Failure to prescribe carrier fluids. When choosing a medication administration method that minimizes the residual volume left behind in the tubing, nurses had limited options if the prescriber ordered an intermittent infusion without a corresponding order for a carrier fluid, or if the prescriber discontinued a compatible continuous infusion while the patient still required intermittent infusions. There were no triggers or reminders for prescribers to order a carrier fluid (and saline flushes), and due to safety and scope-of-practice concerns, nurses were not permitted to hang a carrier fluid without an order.
Results of a recent study suggest that the best practice to minimize medication loss is to administer small-volume intermittent infusions through a secondary administration set with a compatible primary infusion.1 Thus, the pharmacist worked with the interdisciplinary team he had established in his health system and was able to increase the administration of small-volume (50 mL) intermittent infusions as secondary infusions from 35.7% to 77.8% by implementing the following strategies:
Add carrier fluids to order sets. The health system added an appropriate carrier fluid to order sets used for prescribing small-volume intermittent infusions. This contributed to an increase in orders for carrier fluids which enabled nurses to administer intermittent infusions as a secondary infusion and flush the residual volume through the tubing to ensure the patient received the full medication dose. Additionally, pharmacists now have the authority to enter carrier fluid orders without contacting the prescriber. This is particularly important if the patient already has a primary infusion that should continue to be administered at the prescribed rate of infusion. Take, for example, a septic patient who is receiving normal saline at 150 mL per hour. If the patient is also receiving piperacillin/tazobactam in 50 mL over 4 hours three times a day, stopping the saline infusion for 12 hours each day would not be optimal. Instead, a separate compatible carrier fluid, which the pharmacist can now enter, should serve as the primary infusion for the secondary intermittent infusion. At the conclusion of the intermittent infusion, the nurse can then infuse a set amount (approximately 25 mL) of the carrier fluid through the primary tubing.1
Educate staff. The health system increased staff awareness of the significant loss of medication in the residual volume left in the tubing when administering a small-volume intermittent infusion, particularly a 50 mL minibag, as a primary infusion. For nurses, the health system engaged nurse educators, created an educational document on the topic, and came up with a catchy slogan: If the bag is the small kind, put it on a secondary line. They also created a pop-up warning on automated dispensing cabinet screens to administer small-volume intermittent infusions with a secondary set. The pharmacy also affixed labels to minibags stating, “Infuse via secondary set” for the first few months.
Storytelling. The health system also employed a simple but fundamental strategy to create change by conveying compelling stories about errors and the desired change strategy to draw attention to the problem and encourage action. Using actual examples of patients who had likely received only half of the prescribed doses, the stories were shared at departmental and committee meetings, in educational programs, and in “Tip of the Week” documents, which included repetition of the slogan encouraging small bag administration via a secondary administration set.
The health system plans to continue working to improve the rate of administering small-volume intermittent infusions as a secondary infusion (improvement has continued at a slower pace since the coronavirus disease 2019 [COVID-19] pandemic). However, they wanted to share with others the lessons they have learned so far:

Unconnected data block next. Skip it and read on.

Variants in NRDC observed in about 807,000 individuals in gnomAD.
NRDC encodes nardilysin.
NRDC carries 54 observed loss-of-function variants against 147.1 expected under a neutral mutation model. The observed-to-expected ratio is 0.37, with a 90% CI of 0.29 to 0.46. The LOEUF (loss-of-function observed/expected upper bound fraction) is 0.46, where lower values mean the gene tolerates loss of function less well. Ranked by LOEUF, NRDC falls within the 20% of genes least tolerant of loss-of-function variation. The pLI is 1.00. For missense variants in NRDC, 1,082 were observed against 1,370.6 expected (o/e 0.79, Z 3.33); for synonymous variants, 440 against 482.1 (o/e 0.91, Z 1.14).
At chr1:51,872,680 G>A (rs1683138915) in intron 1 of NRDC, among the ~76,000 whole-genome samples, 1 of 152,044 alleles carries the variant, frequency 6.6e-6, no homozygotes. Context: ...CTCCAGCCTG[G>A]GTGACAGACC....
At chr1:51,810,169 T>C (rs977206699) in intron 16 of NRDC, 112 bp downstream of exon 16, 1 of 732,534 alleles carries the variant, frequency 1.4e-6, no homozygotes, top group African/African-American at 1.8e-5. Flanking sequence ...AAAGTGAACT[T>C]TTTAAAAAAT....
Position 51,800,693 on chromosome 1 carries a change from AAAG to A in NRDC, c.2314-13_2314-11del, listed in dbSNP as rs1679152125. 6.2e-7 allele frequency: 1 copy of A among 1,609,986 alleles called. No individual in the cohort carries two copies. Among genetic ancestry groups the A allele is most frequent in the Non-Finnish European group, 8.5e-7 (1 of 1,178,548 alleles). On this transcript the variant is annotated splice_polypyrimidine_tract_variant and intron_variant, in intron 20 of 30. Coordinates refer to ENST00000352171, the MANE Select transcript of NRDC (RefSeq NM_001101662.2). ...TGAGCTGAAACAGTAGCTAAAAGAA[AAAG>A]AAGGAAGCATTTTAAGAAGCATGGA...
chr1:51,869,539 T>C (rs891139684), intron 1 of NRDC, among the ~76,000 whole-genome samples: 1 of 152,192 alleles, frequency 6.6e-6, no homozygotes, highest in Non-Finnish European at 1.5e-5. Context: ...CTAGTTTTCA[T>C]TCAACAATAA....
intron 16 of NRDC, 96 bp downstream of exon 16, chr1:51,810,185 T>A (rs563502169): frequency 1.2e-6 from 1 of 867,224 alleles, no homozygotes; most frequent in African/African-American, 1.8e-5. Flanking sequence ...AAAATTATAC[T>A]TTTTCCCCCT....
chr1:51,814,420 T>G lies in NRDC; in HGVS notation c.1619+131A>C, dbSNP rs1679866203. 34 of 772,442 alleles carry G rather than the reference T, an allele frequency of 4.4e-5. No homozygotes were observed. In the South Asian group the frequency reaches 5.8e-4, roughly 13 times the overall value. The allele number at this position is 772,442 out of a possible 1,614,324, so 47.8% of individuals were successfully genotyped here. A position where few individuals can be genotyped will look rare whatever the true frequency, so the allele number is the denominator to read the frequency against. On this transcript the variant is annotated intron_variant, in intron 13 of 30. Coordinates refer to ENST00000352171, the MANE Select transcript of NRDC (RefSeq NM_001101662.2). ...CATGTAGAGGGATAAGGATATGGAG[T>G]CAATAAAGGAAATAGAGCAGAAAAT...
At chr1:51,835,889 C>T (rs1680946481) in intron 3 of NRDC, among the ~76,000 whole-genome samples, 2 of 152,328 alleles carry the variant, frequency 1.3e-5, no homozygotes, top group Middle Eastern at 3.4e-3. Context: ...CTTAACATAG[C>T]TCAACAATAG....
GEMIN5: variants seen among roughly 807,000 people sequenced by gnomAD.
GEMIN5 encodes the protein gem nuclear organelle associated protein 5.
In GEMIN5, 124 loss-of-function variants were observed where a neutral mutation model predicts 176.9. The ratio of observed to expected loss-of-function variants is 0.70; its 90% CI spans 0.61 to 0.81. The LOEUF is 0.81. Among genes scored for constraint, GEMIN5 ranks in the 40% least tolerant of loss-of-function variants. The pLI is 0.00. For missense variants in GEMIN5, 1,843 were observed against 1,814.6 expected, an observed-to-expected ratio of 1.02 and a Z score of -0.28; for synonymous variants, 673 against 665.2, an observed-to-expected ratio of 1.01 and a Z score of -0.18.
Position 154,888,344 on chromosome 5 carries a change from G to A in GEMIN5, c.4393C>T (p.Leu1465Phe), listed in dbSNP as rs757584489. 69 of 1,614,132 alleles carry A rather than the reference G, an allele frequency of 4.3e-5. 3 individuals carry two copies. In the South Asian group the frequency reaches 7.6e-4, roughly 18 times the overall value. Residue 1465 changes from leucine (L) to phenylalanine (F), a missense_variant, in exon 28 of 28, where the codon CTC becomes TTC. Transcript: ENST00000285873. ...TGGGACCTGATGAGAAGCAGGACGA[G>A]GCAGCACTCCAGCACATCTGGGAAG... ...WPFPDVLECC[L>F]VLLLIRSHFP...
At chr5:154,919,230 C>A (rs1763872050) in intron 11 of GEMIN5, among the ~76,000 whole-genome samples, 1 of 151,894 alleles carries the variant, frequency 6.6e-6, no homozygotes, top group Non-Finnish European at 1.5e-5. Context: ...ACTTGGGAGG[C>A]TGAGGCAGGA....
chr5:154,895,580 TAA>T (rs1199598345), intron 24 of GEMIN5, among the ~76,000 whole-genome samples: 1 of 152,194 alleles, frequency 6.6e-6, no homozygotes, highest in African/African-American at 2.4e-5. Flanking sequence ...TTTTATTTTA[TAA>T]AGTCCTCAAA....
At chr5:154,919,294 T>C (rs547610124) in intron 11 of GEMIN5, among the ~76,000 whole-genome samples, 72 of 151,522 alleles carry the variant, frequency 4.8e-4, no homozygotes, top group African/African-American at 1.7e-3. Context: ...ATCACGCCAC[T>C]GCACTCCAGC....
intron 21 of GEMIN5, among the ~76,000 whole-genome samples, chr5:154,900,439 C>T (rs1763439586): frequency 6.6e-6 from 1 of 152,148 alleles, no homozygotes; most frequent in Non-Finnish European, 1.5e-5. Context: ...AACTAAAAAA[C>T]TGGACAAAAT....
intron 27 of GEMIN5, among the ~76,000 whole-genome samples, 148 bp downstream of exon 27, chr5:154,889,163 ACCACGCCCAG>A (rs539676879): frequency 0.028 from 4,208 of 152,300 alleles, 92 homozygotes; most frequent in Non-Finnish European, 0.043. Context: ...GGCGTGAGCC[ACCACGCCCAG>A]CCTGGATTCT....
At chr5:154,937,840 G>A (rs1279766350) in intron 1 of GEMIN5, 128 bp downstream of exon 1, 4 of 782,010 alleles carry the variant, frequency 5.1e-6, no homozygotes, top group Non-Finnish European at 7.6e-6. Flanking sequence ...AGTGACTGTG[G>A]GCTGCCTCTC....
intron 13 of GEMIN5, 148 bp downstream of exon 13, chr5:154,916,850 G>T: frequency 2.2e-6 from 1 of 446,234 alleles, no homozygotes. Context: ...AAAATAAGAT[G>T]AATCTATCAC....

See the problem firsthand. Do not rely on policies and procedures to illustrate what normally happens when small-volume intermittent infusions are administered. Take the time to observe intermittent infusion administration to understand “real life” practices.
Use data to measure the problem and progress. Historically, practitioner reporting has been used to identify and measure patient safety problems, which provides, at best, an incomplete assessment of whether a problem exists and whether changes have resulted in improvements. More accurate ways of measuring safety problems—through automated technology and direct observation, for example—should be used to identify the scope of suspected safety problems and to monitor progress to determine if improvement efforts have been successful.
Foster collaboration across professions. The importance of fostering teamwork across the professions should not be underestimated. For example, collaboration between prescribers, pharmacists, and nurses may overcome any reluctance to allow post-infusion flushing with a small amount of a compatible carrier fluid. Collaboration across professions is also critical to resolve questions that might arise. How will the organization manage fluid-restricted patients who receive multiple small-volume intermittent infusions? How can an organization minimize instances when a nurse forgets to unclamp the secondary infusion (since the pump may not alarm if the carrier fluid is infusing)? Would it be feasible to program smart infusion pumps to only allow administration of small-volume intermittent infusions as a secondary infusion (may be a concern with interoperability)?
Tell stories to humanize the problem. Storytelling is a familiar form of communication that resonates with all—the contextual details and the exposed humanity in stories educate us, touch us, and inspire us to take action. Storytelling is an efficient vehicle for helping practitioners to understand, remember, and accept new ideas.
- Harding M, Stefka S, Bailey M, Morgan D, Anderson A. Best practice for delivering small-volume intermittent intravenous infusions. J Infus Nurs. 2020;43(1):47-52.
- Cousins D. Patients are being underdosed: we need new guidance on small-volume drug infusions. Clinical Pharmacist. 2018;10(12). doi: 10.1211/CP.2018.20205779.
- Gorski L, Hadaway L, Hagle M, McGoldrick M, Orr M, Doellman D. Infusion therapy standards of practice. J Infus Nurs. 2016;39(suppl 1):S1-S159.